Artist: Katsukawa Shun'ei (勝川春英)

Print: Fan Kuai (樊噲), feigning drunkenness, storms the dining hall
of the emperor's palace by breaking down the door

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Dates: created,1806
Dimensions: 10.375 in,15.125 in,Overall dimensions

Signed: Shun'ei ga (春英画)
Publisher: Nishimuraya Yohachi
(Marks 391 - seal 26-013)
Censor's seal: kiwame
Date seal: 2/1806

Related links: Hagi Uragami Museum of Art;

Physical description:

The text reads: 漢国の樊噲勇力門を破る


Fan Kuai, feinging drunkenness, seen storming the dining hall of the emperor's palace, bearing part of a screen under his arm, thus allowing tghe emperor to escape. Kunisada copied this design 30 years later for one of his early series, 'The Battles of the Han and the Chu'. Fan Kuai (242 BC – 189 BC) was a military general in the early Han Dynasty and a prominent figure of the Chu–Han contention period. A very rare Shunei design.

Fan Kuai was a close friend of Liu Bang and they were from the same hometown of Pei County (present-day Feng County, Jiangsu). In his early days, he was a butcher and specialized in preparing dog meat. He married Lü Xu, the younger sister of Liu Bang's wife Lü Zhi.

Once, Liu Bang released the prisoners he was escorting and became a fugitive in hiding on Mount Mangdang near Pei County. Following the Daze Village Uprising in 209 BC, the magistrate of Pei County also wanted to rebel as well so he heeded Xiao He and Cao Shen's advice, and sent Fan Kuai to Mangdang to invite Liu Bang and his men back to help him. However, the magistrate changed his mind later and denied Liu Bang entry into the city. The citizens responded to Liu Bang's call and killed the magistrate, allowing Liu and his men to return home. Liu Bang was then known as "Duke of Pei" and Fan Kuai served as one of his close aides and bodyguards. Fan Kuai distinguished himself on the battlefield as a mighty warrior and capable general. He fought in many battles on Liu Bang's side and claimed the heads of enemies in increasing order in each battle, and was rewarded with promotions to higher ranks each time.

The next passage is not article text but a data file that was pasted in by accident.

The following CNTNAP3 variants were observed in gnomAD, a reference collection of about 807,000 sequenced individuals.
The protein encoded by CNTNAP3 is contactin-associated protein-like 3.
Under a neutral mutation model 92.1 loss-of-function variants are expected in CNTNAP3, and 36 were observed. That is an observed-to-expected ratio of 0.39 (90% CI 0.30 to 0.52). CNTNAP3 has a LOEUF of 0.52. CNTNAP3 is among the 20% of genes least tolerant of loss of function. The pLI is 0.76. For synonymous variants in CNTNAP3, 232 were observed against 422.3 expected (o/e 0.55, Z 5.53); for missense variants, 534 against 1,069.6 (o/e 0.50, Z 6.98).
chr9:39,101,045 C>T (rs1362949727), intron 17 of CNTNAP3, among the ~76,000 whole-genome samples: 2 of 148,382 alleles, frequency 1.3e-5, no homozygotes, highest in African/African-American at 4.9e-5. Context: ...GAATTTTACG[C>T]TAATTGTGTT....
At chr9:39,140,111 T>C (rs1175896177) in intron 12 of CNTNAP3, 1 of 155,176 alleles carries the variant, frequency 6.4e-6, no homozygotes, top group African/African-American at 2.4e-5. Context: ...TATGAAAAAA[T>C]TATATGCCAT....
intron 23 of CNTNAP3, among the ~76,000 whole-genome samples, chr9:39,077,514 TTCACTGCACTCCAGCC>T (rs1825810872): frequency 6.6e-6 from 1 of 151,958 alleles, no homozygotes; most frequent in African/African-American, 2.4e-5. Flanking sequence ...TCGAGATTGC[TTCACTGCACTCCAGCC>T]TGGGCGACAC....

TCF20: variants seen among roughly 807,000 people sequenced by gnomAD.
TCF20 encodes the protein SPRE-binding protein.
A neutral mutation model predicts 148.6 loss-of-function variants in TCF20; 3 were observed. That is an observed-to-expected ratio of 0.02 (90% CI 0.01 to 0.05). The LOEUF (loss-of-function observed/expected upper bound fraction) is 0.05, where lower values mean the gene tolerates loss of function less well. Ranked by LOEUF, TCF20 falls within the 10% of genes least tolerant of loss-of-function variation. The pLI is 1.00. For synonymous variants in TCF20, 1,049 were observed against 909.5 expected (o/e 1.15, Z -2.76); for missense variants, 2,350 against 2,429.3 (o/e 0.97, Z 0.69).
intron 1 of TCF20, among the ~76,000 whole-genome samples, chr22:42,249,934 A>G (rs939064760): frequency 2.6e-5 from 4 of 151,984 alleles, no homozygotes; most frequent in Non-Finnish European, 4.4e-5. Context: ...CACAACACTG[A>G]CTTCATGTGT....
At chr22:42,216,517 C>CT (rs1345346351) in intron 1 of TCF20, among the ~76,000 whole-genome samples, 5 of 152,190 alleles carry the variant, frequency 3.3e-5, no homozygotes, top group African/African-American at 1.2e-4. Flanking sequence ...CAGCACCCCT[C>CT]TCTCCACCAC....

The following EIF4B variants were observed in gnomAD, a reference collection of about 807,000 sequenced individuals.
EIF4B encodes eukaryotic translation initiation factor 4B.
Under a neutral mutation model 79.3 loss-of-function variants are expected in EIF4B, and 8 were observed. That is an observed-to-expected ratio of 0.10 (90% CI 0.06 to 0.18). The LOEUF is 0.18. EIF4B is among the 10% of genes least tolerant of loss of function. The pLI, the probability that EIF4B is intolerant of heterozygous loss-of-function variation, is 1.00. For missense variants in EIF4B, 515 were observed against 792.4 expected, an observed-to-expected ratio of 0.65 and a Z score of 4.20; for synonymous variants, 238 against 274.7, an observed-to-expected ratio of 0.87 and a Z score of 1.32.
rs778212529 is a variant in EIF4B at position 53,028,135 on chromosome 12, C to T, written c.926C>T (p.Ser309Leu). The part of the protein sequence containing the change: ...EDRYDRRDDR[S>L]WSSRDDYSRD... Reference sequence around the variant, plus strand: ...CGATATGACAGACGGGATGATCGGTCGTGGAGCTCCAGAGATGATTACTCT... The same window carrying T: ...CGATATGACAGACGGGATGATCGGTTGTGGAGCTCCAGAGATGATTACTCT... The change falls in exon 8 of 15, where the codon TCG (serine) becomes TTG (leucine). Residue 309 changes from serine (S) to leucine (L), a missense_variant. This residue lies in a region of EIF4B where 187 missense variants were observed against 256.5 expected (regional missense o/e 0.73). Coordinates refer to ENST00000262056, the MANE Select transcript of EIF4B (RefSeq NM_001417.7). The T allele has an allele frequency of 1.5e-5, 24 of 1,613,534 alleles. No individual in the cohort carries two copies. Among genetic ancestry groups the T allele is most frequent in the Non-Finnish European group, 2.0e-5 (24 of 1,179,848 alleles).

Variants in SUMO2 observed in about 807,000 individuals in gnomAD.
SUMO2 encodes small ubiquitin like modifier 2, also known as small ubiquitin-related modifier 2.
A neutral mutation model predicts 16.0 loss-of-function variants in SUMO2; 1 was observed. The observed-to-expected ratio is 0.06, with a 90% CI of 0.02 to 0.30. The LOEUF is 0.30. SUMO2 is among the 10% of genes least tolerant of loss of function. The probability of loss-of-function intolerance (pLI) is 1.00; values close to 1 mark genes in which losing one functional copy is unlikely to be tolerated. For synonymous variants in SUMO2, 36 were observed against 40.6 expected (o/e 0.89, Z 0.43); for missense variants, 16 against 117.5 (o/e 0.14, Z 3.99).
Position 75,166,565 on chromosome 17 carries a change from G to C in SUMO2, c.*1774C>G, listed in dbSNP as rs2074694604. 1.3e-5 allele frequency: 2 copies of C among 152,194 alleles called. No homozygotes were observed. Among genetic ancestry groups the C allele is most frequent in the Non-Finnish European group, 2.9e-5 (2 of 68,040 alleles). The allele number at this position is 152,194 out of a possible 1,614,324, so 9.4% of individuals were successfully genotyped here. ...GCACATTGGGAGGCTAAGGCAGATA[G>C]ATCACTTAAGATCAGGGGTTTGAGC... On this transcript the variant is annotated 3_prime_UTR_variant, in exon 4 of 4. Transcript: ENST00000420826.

Fan Kuai is best known for defending Liu Bang at the dangerous Feast at Hong Gate, which was actually a trap set to kill Liu. He rushed to Liu Bang's defence when he heard that Xiang Yu's advisor Fan Zeng intended to have Liu killed. Fan Kuai chided Xiang Yu openly, making a speech about Liu Bang's accomplishments and stating that it would be unjust for Xiang to kill Liu. Xiang Yu was impressed by Fan Kuai's bravery and offered him a seat at the feast. Liu Bang escaped from the feast later on the pretext of going to the latrine, with Fan Kuai accompanying him.

After the fall of the Qin Dynasty, Xiang Yu divided the former Qin Empire into the Eighteen Kingdoms, appointed Liu Bang as "King of Han" with the lands of Shu as his fiefdom. Liu Bang seized the lands of the Three Qins and engaged in a long power struggle with Xiang Yu for supremacy over China, known as the Chu–Han contention. Fan Kuai participated actively in many of the battles between the two contending forces and became famous for his prowess in battle.

After the establishment of the Han Dynasty, Emperor Gaozu (Liu Bang) granted Fan Kuai the title of "Marquis of Wuyang" (舞陽侯) in recognition of Fan's contributions to the dynasty's founding. After Fan Kuai's death, he was posthumously conferred the title of "Marquis of Wu" (武侯) while his son Fan Kang inherited his title of "Marquis of Wuyang". Fan Kuai's wife Lü Xu was put to death in the aftermath of the Lü Clan Disturbance in 180 BC and Fan Kang was killed as well. Several months later, Emperor Wen conferred the title on Fan Shiren, another son of Fan Kuai who was not born to Lü Xu.

In Chinese folk religion, Fan Kuai is sometimes regarded as a patron deity of butchers.[2] In the action RPG Prince of Qin, Fan Kuai appears as a non-playable character and the player can find out Liu Bang's whereabouts from him.

Note that much of this information is taken directly from Wikipedia.


Illustrated in 1) Ukiyo-e dai musha-e ten - 浮世絵大武者絵展 - (The Samurai World in Ukiyo-e), edited by Yuriko Iwakiri, Machida City Museum of Graphic Arts, 2003, #66, p. 30. [This example is in the Hagi Uragami Museum.]

In 2) in black and white in 原色浮世絵大百科事典 (Genshoku Ukiyoe Daihyakka Jiten), vol. 4, p. 123.